Being from a generation that proceeded the internet as we currently know it, I found the idea of Wi-Fi on a school bus a little over the top. I asked myself “why should we provide internet access to students so they can watch YouTube or play Minecraft on the way to school”? What could possibly be so important that it couldn’t wait until they reached their destination? What I had failed to realize is that in today’s world the virtual environment has permeated so deep into our daily lives that to not have access is to be at a great disadvantage.
By now we are all very familiar with the idea of school closures due to the Covid-19 pandemic and if you have school age kids you’ve most likely noticed that they are at home a lot…. and I mean a lot. Now, my family and I have been very blessed with a steady internet connection the entire time but that has not been the case for others. We live in an area where almost 50% of middle school students receive free or discounted lunches. What that translates into is that not all families have the ability to provide additional services for their families.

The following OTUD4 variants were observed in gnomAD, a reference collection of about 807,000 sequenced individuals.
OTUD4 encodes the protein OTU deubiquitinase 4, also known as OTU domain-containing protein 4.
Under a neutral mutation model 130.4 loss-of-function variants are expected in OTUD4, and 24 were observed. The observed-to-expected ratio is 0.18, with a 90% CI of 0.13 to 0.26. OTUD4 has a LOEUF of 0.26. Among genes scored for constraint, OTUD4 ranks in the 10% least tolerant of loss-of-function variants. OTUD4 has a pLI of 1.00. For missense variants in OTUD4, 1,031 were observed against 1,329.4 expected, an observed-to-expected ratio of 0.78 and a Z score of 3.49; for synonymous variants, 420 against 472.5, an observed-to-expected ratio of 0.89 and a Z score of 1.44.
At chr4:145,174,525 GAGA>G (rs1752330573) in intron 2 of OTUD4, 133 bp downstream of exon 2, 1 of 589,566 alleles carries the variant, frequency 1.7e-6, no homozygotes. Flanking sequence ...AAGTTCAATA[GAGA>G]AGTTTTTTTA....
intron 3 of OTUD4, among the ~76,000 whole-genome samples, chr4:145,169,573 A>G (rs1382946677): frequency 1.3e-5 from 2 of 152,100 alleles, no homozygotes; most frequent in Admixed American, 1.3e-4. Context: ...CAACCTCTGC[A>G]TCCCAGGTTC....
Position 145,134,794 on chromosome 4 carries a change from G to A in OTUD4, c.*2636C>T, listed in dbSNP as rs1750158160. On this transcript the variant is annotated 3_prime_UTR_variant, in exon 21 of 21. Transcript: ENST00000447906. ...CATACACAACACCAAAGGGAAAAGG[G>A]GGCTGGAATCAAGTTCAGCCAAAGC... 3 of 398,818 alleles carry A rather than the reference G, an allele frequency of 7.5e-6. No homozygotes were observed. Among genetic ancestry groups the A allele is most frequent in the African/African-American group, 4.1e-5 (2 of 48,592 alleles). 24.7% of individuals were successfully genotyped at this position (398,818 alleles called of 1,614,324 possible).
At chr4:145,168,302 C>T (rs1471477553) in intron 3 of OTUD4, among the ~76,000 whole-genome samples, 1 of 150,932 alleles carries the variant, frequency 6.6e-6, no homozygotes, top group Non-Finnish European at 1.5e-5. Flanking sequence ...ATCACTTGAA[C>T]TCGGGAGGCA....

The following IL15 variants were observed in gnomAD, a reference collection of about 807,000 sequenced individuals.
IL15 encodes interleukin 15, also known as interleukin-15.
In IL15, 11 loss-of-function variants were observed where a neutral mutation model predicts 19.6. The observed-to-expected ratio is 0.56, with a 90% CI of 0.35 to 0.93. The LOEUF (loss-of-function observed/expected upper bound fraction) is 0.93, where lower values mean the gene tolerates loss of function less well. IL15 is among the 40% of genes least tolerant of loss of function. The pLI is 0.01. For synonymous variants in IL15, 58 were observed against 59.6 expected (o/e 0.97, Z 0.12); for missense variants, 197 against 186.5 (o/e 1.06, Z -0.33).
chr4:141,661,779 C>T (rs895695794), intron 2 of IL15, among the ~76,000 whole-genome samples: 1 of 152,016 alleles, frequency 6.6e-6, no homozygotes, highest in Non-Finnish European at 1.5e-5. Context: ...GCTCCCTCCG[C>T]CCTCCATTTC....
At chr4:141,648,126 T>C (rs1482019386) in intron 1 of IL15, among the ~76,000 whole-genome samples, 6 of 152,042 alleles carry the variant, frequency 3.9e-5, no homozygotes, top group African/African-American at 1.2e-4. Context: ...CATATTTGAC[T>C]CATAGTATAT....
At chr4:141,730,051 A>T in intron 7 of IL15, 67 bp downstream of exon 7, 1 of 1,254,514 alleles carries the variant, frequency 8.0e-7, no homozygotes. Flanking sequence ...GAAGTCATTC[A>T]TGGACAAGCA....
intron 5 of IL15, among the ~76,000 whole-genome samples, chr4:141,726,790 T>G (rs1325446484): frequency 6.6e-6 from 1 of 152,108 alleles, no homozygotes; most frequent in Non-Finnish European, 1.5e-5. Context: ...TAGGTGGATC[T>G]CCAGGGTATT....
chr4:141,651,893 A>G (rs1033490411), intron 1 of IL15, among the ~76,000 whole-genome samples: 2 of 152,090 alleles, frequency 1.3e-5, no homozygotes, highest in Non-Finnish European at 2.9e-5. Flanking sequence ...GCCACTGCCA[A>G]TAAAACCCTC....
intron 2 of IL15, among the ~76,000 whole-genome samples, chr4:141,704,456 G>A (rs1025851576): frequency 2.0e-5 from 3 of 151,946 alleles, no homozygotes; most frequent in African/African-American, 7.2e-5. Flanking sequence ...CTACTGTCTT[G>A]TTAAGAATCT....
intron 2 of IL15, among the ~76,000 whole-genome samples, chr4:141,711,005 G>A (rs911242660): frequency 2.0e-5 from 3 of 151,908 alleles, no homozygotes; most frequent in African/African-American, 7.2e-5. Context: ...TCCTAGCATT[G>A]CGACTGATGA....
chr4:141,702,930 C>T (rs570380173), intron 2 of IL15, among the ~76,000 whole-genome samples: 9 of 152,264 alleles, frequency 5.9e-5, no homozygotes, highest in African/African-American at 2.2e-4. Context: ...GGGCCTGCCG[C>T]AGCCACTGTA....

The schools have gone above and beyond in their attempts to provide for their students by allowing access to school Wi-Fi in their parking lots. However, we’ve seen many students still have issues with transportation throughout the day because their parents work, and this is where the idea of bus Wi-Fi really has an impact. According to Edward Dubose, the transportation director of Choctaw County (AL) they have outfitted 32 buses with Wi-Fi capabilities. These buses have been strategically placed throughout the county in order to facilitate students need for internet access.
Each bus is outfitted with Wi-Fi equipment that allows students to be within 200’ of the bus and up to 50 users and still have the ability to get online. Content filters have been installed to ensure that only appropriate material is accessed by the student. Each bus Wi-Fi system includes a data plan that allows it to access the cellular network. High usage alerts have been created that notifies the school when a bus data plan nears its limit. Very often the school will then replace that bus with a different one that has not been utilized as much in order to keep data costs low.
This “outside of the box” style thinking has enabled school systems around the country to continue to provide for their students. With school closures at an all time high, technology has stepped up to fill in the gap and provide that much needed support for our children. As we continue to push our technology forward, I now realize that internet access for all students is not “a nice thing to have” but is a critical need if we want them to succeed.